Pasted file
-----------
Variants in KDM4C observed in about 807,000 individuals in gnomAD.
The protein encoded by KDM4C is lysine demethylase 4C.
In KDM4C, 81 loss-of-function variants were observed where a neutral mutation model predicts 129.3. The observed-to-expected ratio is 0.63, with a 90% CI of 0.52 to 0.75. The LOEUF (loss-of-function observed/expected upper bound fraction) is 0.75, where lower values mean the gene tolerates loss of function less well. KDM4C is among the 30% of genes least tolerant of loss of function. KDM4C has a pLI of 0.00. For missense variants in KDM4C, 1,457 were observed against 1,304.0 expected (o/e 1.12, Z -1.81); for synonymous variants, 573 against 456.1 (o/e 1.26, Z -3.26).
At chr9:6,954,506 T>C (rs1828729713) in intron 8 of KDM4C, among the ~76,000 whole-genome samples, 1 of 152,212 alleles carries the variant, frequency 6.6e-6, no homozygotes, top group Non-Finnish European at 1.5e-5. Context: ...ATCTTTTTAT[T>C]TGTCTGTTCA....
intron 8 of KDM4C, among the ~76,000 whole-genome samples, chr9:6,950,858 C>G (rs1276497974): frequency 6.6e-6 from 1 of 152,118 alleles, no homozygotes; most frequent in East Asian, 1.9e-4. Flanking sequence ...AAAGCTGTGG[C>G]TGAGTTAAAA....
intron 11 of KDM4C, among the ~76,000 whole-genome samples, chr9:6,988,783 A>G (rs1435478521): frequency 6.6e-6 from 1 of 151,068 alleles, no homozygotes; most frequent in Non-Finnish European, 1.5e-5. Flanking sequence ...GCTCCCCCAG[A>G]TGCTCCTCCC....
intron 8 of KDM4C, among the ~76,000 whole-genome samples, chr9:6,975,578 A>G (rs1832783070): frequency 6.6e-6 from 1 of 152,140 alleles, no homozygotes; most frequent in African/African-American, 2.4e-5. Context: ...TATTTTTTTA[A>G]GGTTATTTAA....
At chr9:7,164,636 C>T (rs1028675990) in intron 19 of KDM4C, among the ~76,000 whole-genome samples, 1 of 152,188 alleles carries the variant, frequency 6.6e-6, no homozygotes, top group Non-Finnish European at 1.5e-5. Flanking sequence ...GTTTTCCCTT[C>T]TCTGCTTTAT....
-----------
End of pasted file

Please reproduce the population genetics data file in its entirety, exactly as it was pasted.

Variants in KDM4C observed in about 807,000 individuals in gnomAD.
The protein encoded by KDM4C is lysine demethylase 4C.
In KDM4C, 81 loss-of-function variants were observed where a neutral mutation model predicts 129.3. The observed-to-expected ratio is 0.63, with a 90% CI of 0.52 to 0.75. The LOEUF (loss-of-function observed/expected upper bound fraction) is 0.75, where lower values mean the gene tolerates loss of function less well. KDM4C is among the 30% of genes least tolerant of loss of function. KDM4C has a pLI of 0.00. For missense variants in KDM4C, 1,457 were observed against 1,304.0 expected (o/e 1.12, Z -1.81); for synonymous variants, 573 against 456.1 (o/e 1.26, Z -3.26).
At chr9:6,954,506 T>C (rs1828729713) in intron 8 of KDM4C, among the ~76,000 whole-genome samples, 1 of 152,212 alleles carries the variant, frequency 6.6e-6, no homozygotes, top group Non-Finnish European at 1.5e-5. Context: ...ATCTTTTTAT[T>C]TGTCTGTTCA....
intron 8 of KDM4C, among the ~76,000 whole-genome samples, chr9:6,950,858 C>G (rs1276497974): frequency 6.6e-6 from 1 of 152,118 alleles, no homozygotes; most frequent in East Asian, 1.9e-4. Flanking sequence ...AAAGCTGTGG[C>G]TGAGTTAAAA....
intron 11 of KDM4C, among the ~76,000 whole-genome samples, chr9:6,988,783 A>G (rs1435478521): frequency 6.6e-6 from 1 of 151,068 alleles, no homozygotes; most frequent in Non-Finnish European, 1.5e-5. Flanking sequence ...GCTCCCCCAG[A>G]TGCTCCTCCC....
intron 8 of KDM4C, among the ~76,000 whole-genome samples, chr9:6,975,578 A>G (rs1832783070): frequency 6.6e-6 from 1 of 152,140 alleles, no homozygotes; most frequent in African/African-American, 2.4e-5. Context: ...TATTTTTTTA[A>G]GGTTATTTAA....
At chr9:7,164,636 C>T (rs1028675990) in intron 19 of KDM4C, among the ~76,000 whole-genome samples, 1 of 152,188 alleles carries the variant, frequency 6.6e-6, no homozygotes, top group Non-Finnish European at 1.5e-5. Flanking sequence ...GTTTTCCCTT[C>T]TCTGCTTTAT....